New Cargo Craft Docks after Just Four Orbits
The Russian Progress 48 docked to the Pirs docking compartment at 9:18 p.m. EDT Wednesday after just four orbits. The cargo craft launched earlier in the day from the Baikonur Cosmodrome, Kazakhstan, at 3:35 p.m.
› Video: Spacecraft docks less than six hours after launch
› Video: Flight Director Dina Contella discusses Progress launch
The Progress 48 delivered 1,962 pounds of propellant, 110 pounds of oxygen and air, 925 pounds of water and 2,817 pounds of supplies, spare parts and experiment hardware.
The six Expedition 32 crew members shifted their sleep schedule to accommodate the arrival of the Progress 48. Commander Gennady Padalka and Flight Engineers Sergei Revin and Yuri Malenchenko carefully monitored the Russian cargo ship’s approach and docking. Flight Engineers Suni Williams, Joe Acaba and Aki Hoshide photographed and videotaped the Progress 48’s arrival.
The normal launch-to-docking mission profile for a Russian cargo craft is two days or 34 orbits. Russian flight controllers had the option of choosing to return to a two-day rendezvous if necessary. The exercise was designed to test a shortened transit plan to the station for possible use on future Soyuz missions to the complex.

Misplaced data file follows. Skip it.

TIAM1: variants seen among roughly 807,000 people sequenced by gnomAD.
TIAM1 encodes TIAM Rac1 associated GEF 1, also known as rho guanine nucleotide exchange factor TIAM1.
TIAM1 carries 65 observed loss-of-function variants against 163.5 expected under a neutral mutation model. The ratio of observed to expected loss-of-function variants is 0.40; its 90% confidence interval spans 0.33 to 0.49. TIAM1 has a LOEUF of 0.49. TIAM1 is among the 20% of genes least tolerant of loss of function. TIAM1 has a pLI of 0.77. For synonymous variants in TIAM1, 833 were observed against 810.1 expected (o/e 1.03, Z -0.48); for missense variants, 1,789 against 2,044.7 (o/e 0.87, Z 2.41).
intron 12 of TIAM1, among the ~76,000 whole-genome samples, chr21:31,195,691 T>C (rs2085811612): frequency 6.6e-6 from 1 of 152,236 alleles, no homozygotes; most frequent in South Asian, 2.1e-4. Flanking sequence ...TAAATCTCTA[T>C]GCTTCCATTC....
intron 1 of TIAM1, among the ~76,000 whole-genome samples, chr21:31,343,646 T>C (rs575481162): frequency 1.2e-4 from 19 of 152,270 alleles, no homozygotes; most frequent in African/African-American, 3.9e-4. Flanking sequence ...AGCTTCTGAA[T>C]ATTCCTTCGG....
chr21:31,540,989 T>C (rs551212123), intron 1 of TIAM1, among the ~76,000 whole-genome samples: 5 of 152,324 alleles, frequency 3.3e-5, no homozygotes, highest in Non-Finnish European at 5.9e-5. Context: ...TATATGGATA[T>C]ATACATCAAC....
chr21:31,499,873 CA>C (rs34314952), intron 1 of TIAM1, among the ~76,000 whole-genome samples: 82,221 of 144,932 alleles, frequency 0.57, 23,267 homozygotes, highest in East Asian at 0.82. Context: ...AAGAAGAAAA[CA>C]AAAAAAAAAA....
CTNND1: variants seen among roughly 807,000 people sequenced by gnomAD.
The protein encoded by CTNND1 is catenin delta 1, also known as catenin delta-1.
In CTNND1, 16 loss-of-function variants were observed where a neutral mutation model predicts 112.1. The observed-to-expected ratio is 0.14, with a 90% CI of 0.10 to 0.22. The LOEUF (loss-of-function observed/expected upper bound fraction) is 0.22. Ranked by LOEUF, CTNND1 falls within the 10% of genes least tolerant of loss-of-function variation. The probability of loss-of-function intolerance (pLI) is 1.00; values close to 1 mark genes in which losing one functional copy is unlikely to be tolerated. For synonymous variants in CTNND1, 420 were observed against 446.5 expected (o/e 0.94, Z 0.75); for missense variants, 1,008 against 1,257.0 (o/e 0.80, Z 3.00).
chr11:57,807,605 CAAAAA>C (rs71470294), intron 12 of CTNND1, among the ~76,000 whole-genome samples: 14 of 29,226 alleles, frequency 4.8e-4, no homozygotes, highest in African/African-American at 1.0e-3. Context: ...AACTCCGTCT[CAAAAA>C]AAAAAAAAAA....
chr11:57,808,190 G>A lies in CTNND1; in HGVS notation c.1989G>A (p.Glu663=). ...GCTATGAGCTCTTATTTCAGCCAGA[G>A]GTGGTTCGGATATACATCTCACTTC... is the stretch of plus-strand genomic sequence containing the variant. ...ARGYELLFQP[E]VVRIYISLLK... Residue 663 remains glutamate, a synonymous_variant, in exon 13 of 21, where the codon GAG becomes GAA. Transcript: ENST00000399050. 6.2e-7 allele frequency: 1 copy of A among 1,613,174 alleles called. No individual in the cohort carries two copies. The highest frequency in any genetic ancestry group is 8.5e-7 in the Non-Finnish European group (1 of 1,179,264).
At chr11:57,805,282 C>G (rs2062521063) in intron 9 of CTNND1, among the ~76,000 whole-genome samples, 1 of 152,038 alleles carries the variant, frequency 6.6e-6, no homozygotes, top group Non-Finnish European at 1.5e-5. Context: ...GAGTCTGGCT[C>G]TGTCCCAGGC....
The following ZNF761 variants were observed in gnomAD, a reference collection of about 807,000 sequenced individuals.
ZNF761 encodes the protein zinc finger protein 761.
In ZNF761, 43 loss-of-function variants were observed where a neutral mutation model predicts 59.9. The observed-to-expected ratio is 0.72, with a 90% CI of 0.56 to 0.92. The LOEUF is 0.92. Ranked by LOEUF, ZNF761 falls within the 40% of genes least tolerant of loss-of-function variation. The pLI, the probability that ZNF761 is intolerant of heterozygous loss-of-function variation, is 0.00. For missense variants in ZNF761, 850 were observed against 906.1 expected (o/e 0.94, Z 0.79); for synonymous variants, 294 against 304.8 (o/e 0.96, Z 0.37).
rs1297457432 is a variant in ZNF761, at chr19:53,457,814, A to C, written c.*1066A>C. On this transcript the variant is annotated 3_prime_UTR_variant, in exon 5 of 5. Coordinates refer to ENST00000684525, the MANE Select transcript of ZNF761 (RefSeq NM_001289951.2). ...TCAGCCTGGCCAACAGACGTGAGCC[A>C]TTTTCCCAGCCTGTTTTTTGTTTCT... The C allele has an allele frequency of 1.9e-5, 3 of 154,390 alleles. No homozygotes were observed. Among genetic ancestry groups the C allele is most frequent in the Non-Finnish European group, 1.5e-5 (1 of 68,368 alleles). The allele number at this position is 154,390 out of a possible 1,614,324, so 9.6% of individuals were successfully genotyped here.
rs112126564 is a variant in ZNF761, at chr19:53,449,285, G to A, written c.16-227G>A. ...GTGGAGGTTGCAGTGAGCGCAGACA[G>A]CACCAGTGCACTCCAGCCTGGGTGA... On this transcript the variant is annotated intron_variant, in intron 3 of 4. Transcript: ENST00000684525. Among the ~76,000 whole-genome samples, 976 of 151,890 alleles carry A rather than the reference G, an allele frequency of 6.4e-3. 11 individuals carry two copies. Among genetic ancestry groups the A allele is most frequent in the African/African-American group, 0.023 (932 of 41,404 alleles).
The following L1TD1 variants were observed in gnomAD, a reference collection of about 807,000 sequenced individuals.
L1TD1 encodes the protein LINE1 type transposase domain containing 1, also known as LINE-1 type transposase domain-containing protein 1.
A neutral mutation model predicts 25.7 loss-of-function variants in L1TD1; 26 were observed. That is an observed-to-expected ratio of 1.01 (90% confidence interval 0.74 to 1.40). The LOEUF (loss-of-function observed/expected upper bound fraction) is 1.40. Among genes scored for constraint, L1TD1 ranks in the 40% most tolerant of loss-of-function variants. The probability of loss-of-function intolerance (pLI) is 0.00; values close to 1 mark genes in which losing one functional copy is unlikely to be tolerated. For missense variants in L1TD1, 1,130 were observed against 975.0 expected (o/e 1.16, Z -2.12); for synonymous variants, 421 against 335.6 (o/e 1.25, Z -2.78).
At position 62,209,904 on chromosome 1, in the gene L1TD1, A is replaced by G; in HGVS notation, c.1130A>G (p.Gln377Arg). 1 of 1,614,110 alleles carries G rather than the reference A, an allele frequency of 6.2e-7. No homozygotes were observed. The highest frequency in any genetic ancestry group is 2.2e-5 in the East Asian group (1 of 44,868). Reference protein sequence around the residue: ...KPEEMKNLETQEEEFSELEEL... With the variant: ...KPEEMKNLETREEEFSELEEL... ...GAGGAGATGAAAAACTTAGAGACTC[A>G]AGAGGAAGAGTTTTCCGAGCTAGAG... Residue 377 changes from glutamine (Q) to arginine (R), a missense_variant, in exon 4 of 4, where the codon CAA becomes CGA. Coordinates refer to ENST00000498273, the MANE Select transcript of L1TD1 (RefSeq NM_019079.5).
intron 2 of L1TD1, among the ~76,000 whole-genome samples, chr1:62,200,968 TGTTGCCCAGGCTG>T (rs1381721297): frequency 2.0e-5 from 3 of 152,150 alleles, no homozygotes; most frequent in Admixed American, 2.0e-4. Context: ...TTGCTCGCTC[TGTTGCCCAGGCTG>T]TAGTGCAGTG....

The new resupply craft replaces the Progress 47 which undocked late Monday afternoon. The trash-filled Progress 47 is orbiting the Earth for several weeks of engineering tests before re-entering the Earth’s atmosphere over the Pacific Ocean.
The International Space Station is hosting three different cargo ships. Japan’s H-II Transfer Vehicle-3 arrived Friday evening and is berthed to the Harmony Node. Europe’s Automated Transfer Vehicle-3, also known as the “Edoardo Amaldi”, docked to the Zvezda service module on March 28.